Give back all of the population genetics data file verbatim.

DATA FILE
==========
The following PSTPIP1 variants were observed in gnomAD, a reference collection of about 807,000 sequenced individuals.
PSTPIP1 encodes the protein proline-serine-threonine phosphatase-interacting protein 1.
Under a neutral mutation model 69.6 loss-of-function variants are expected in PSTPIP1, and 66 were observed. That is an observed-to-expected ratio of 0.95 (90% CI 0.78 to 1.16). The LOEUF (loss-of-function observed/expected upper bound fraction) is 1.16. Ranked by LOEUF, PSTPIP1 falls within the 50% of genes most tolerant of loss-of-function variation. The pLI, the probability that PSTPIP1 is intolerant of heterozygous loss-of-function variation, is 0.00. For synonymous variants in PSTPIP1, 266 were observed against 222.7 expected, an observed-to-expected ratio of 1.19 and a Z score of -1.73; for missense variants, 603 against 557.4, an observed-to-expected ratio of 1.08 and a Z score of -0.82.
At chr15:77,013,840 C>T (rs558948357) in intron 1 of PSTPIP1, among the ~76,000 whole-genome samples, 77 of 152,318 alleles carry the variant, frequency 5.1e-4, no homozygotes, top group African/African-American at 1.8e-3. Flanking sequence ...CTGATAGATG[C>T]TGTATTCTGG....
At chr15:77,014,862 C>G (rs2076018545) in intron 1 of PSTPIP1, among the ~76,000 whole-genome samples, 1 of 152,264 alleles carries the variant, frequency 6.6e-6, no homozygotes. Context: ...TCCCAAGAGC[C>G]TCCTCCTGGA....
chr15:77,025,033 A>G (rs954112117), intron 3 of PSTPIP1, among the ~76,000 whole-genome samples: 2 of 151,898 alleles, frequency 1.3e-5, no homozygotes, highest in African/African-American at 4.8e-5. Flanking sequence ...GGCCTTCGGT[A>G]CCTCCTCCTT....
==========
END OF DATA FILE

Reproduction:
The following PSTPIP1 variants were observed in gnomAD, a reference collection of about 807,000 sequenced individuals.
PSTPIP1 encodes the protein proline-serine-threonine phosphatase-interacting protein 1.
Under a neutral mutation model 69.6 loss-of-function variants are expected in PSTPIP1, and 66 were observed. That is an observed-to-expected ratio of 0.95 (90% CI 0.78 to 1.16). The LOEUF (loss-of-function observed/expected upper bound fraction) is 1.16. Ranked by LOEUF, PSTPIP1 falls within the 50% of genes most tolerant of loss-of-function variation. The pLI, the probability that PSTPIP1 is intolerant of heterozygous loss-of-function variation, is 0.00. For synonymous variants in PSTPIP1, 266 were observed against 222.7 expected, an observed-to-expected ratio of 1.19 and a Z score of -1.73; for missense variants, 603 against 557.4, an observed-to-expected ratio of 1.08 and a Z score of -0.82.
At chr15:77,013,840 C>T (rs558948357) in intron 1 of PSTPIP1, among the ~76,000 whole-genome samples, 77 of 152,318 alleles carry the variant, frequency 5.1e-4, no homozygotes, top group African/African-American at 1.8e-3. Flanking sequence ...CTGATAGATG[C>T]TGTATTCTGG....
At chr15:77,014,862 C>G (rs2076018545) in intron 1 of PSTPIP1, among the ~76,000 whole-genome samples, 1 of 152,264 alleles carries the variant, frequency 6.6e-6, no homozygotes. Context: ...TCCCAAGAGC[C>G]TCCTCCTGGA....
chr15:77,025,033 A>G (rs954112117), intron 3 of PSTPIP1, among the ~76,000 whole-genome samples: 2 of 151,898 alleles, frequency 1.3e-5, no homozygotes, highest in African/African-American at 4.8e-5. Flanking sequence ...GGCCTTCGGT[A>G]CCTCCTCCTT....